According to Dr. Richard Nahas, severe knee injuries can change your life drastically. It makes everyday things more inconvenient and even messes with your mobility. If you’re an athlete or someone who is into sports, it’s even more devastating. Let’s check out how you can return to sports after a knee injury.
- Bracing – Before you can start running and hopping around in the field or the court, you need to equip your injured knee with adequate support. That’s where braces and supportive serves come in. The market is full of all kinds of interesting options that would help keep your knee aligned when you turn, twist, bend, jump and do all sorts of crazy manoeuvres.
However, it’s important to choose the right type of base or supportive sleeve. It depends on several factors including the extent of your injury, the activities you’re going to perform, and the type of sports you’re going back to. If you’re not sure about it, consult your doctor or get a simple stabilized knee support that keeps your knee aligned and applies compression.
- Increase your range of motion – When you’ve given your knees ample rest, you work your other muscles. However, at further stages of recovery, you need to work out the leg muscles and ligaments on your joints to strengthen them. At that stage, you’re prepared for putting weight on the injured knee.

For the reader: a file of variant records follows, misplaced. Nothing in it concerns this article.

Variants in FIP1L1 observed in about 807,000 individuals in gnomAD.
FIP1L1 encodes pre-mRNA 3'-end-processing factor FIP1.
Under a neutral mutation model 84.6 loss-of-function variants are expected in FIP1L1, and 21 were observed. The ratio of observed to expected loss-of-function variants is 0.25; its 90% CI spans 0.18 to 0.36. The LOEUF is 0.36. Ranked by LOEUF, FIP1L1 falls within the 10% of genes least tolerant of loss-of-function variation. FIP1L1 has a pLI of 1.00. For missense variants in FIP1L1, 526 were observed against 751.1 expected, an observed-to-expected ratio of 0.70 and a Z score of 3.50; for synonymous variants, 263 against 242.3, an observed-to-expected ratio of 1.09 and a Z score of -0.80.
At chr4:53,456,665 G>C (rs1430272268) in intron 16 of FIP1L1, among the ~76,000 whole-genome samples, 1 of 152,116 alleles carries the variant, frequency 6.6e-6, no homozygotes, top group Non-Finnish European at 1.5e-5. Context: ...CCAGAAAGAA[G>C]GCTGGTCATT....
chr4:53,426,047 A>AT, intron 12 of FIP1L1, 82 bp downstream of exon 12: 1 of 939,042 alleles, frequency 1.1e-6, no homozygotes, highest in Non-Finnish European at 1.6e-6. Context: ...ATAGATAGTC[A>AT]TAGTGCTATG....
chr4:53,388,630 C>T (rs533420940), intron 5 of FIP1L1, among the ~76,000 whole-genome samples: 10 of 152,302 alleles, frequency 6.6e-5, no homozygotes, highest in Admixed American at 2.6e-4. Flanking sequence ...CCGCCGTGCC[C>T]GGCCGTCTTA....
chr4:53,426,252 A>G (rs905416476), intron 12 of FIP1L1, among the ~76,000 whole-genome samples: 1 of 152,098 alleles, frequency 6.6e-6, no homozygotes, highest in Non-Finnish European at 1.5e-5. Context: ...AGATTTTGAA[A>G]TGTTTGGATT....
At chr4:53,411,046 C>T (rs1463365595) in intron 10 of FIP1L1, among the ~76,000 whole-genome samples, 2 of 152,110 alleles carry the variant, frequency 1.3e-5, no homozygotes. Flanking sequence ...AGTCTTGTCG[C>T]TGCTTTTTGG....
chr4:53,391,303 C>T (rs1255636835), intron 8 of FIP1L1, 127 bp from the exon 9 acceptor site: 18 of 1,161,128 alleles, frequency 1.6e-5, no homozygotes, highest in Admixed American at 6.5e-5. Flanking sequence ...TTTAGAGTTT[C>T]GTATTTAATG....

However, you’ll find your range of motion to be lacking due to the weakened ligaments, muscles and injury. It simply means you need to strengthen those muscles more and focus your workout routines around them to get back that range of motion. Start doing lunges, squats, step-ups, hamstring curls and calf exercises to strengthen your injured knee.
- Reduce the swelling – When you start on your recovery journey, you’ll be working out your lower body in some way or another. That means your injured knee is going to swell from time to time. To quicken the recovery process, use compression or ice packs to keep the swelling in check without slowing down the blood flow too much. This helps in muscle recovery and reduces the rate of fatigue.
- Plyometrics – As you’re near the end of your recovery, adding plyometrics to your routine would help build speed, balance and strength. The goal is to get you close to the state you were in before the injury. Plyometric drills like box jump, hopping and agility drills would be helpful. This also helps to keep your agility and balance in check and preferably improve that. Improving your balance and agility would help you avoid knee injuries in the future and stay on top of your game.
Dr. Richard Nahas suggests that you use the above-mentioned tips to hasten the recovery process and get back in your game. However, it’s important to recover completely and minimize the risk to the affected area. Consult your doctor before you go back to the field.